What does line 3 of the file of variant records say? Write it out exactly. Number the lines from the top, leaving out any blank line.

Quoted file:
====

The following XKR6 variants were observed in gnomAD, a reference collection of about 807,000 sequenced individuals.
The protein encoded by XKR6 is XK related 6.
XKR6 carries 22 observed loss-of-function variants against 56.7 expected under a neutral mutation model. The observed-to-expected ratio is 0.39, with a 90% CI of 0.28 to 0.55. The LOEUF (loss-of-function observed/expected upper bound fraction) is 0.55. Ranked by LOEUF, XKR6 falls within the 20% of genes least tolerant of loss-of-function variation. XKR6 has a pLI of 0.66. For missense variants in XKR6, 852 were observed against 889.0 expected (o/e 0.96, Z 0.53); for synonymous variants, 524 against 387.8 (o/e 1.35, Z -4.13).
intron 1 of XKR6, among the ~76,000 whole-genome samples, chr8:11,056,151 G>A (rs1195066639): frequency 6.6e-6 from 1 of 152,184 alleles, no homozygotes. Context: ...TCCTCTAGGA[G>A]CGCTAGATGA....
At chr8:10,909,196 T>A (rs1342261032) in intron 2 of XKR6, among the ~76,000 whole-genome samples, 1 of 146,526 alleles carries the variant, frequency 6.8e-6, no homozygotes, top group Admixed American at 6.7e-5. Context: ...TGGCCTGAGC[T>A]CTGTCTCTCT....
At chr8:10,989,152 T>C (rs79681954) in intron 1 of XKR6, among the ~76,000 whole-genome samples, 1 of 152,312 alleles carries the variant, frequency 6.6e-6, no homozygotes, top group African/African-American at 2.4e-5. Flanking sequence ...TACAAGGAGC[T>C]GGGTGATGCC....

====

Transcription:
XKR6 carries 22 observed loss-of-function variants against 56.7 expected under a neutral mutation model. The observed-to-expected ratio is 0.39, with a 90% CI of 0.28 to 0.55. The LOEUF (loss-of-function observed/expected upper bound fraction) is 0.55. Ranked by LOEUF, XKR6 falls within the 20% of genes least tolerant of loss-of-function variation. XKR6 has a pLI of 0.66. For missense variants in XKR6, 852 were observed against 889.0 expected (o/e 0.96, Z 0.53); for synonymous variants, 524 against 387.8 (o/e 1.35, Z -4.13).